Banning Kids From Planes
Not so long ago we stumbled upon an online chat where the subject was banning children from flying, or at least banishing them from flying in business class.
So we were not completely surprised at the USA Today Travel article that said 74% of UK-based business class travelers get annoyed at children on flights, and that airlines should provide children-free flights, or at least flights for those over 18 years old.
The survey of 1,000 business-class flyers by Business and Meetings Travel Show was pretty blunt: children drive them crazy.
For most of the elite flyers, it come down to the idea that they paid a premium price for their ticket and they don’t want be disturbed by crying children or kids kicking the back of a business traveler’s seat.
For others, it was the fact that many kids are not toilet trained, and soiled diapers are offensive.
Obviously the family travel experience differs from that of the business traveler, and in truth, is it fair to combine both kinds in one plane?
Aside from the “curmudgeon” aspect of the issue, we have long argued that the airline industry should create a family-only airline (there is a pet-only airline with limited routes) which we think would do very well financially.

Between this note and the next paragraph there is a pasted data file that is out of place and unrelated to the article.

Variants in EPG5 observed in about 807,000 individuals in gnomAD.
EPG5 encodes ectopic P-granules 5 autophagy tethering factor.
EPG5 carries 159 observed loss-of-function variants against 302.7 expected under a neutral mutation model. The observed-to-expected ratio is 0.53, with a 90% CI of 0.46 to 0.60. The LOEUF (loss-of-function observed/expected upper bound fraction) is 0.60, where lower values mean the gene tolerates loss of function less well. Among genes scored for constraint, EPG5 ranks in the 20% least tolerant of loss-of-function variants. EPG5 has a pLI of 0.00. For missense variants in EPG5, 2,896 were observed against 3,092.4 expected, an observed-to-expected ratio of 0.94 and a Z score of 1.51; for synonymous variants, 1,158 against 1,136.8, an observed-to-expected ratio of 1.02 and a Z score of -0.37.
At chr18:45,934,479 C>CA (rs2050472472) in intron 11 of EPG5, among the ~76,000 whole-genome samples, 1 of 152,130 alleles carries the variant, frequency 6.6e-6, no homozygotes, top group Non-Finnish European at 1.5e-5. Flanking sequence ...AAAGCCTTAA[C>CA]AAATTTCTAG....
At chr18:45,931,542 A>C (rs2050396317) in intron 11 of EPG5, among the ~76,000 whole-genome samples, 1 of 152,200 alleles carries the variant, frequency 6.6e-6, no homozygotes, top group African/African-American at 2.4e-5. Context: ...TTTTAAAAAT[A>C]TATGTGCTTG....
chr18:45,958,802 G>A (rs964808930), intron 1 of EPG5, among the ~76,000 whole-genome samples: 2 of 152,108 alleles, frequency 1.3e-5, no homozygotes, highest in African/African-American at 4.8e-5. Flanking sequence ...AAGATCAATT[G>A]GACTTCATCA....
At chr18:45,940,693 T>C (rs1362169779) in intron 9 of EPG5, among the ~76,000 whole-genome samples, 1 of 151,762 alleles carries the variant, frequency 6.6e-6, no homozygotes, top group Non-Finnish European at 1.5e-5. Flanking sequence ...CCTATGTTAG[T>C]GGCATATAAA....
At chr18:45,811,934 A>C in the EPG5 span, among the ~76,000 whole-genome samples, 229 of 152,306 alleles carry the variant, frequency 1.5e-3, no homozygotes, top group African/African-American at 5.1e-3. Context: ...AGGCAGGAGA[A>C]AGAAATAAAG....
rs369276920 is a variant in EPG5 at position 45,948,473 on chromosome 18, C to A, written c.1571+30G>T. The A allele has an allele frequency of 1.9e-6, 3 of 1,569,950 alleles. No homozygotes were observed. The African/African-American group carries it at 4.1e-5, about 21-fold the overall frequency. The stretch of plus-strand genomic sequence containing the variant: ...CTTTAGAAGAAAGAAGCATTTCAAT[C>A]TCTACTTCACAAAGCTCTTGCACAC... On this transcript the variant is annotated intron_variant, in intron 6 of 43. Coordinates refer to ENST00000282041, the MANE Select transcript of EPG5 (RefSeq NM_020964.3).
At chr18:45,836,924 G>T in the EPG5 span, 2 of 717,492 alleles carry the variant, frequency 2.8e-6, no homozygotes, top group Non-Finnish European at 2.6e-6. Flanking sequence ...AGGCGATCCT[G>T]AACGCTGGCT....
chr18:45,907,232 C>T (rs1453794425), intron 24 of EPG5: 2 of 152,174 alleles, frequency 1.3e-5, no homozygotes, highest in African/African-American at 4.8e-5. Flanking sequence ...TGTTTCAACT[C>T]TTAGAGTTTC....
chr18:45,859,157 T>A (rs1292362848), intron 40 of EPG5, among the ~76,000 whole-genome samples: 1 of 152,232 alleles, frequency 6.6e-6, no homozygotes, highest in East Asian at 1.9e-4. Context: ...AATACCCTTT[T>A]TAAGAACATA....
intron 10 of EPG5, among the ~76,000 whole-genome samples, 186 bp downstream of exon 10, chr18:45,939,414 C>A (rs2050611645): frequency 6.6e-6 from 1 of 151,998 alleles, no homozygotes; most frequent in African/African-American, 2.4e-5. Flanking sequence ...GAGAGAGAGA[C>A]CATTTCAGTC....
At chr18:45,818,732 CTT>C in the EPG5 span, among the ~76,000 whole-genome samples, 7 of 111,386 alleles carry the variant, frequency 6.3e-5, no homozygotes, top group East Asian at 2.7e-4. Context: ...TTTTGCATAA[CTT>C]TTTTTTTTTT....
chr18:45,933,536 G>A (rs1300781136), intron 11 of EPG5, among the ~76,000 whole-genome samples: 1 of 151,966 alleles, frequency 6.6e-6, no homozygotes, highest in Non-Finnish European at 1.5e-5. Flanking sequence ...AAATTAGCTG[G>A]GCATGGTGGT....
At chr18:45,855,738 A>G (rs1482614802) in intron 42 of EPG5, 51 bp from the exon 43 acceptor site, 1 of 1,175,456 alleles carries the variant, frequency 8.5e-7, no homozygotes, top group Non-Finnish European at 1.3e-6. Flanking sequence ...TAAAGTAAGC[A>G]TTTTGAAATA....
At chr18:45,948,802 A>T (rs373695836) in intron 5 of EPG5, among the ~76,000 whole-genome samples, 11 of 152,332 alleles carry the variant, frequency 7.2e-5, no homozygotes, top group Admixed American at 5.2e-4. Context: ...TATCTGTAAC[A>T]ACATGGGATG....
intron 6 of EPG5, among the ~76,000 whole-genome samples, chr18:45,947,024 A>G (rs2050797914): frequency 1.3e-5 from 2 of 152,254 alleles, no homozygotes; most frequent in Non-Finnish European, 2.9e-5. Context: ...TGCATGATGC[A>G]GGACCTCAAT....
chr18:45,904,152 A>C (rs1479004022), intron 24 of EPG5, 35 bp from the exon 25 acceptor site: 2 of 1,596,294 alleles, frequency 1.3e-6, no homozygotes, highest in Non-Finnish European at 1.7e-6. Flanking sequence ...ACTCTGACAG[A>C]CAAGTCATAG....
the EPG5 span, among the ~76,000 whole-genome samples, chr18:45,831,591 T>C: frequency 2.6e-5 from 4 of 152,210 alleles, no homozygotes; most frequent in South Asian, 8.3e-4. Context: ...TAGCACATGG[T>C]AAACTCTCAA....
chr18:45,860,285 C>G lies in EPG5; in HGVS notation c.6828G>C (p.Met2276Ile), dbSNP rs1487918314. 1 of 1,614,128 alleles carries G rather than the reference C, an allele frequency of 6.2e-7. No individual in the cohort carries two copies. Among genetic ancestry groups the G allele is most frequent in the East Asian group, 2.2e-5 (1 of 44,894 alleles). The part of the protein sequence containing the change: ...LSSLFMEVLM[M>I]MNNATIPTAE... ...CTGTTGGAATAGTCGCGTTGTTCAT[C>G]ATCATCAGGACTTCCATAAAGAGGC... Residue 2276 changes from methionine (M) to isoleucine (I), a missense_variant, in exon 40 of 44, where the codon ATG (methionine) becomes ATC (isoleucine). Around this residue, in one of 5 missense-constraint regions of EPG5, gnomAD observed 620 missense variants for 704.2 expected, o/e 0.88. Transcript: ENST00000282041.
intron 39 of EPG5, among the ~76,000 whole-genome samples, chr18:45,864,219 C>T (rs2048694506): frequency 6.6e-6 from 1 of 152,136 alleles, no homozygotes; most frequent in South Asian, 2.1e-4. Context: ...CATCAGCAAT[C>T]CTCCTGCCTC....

Or failing that, learn from Amtrak. Its “Quiet Car” is very popular, so perhaps airlines could create an adults-only cabin or section. The upper deck of the B747 lends itself perfectly to an adults-only section.
But more importantly, maybe families would appreciate flying with other families. It might reduce the stress parents feel when their children are crying or cranky, and it just might get families to share travel experiences and destination tips en route making the travel experience more enjoyable.
Is this discrimination?
If a family pays for business class, shouldn’t they sit in business class? After all we do live in an egalitarian society, and just maybe business class travelers have to loosen up and “get” that kids are people too.
But it wasn’t just the kids that came under criticism. Eighteen percent of those polled aid they were “very upset” to have paid full fare while others received a free upgrade, and 15% said they wanted more privacy from the economy class passengers.
So it seems, again, that the skies are neither friendly or generous.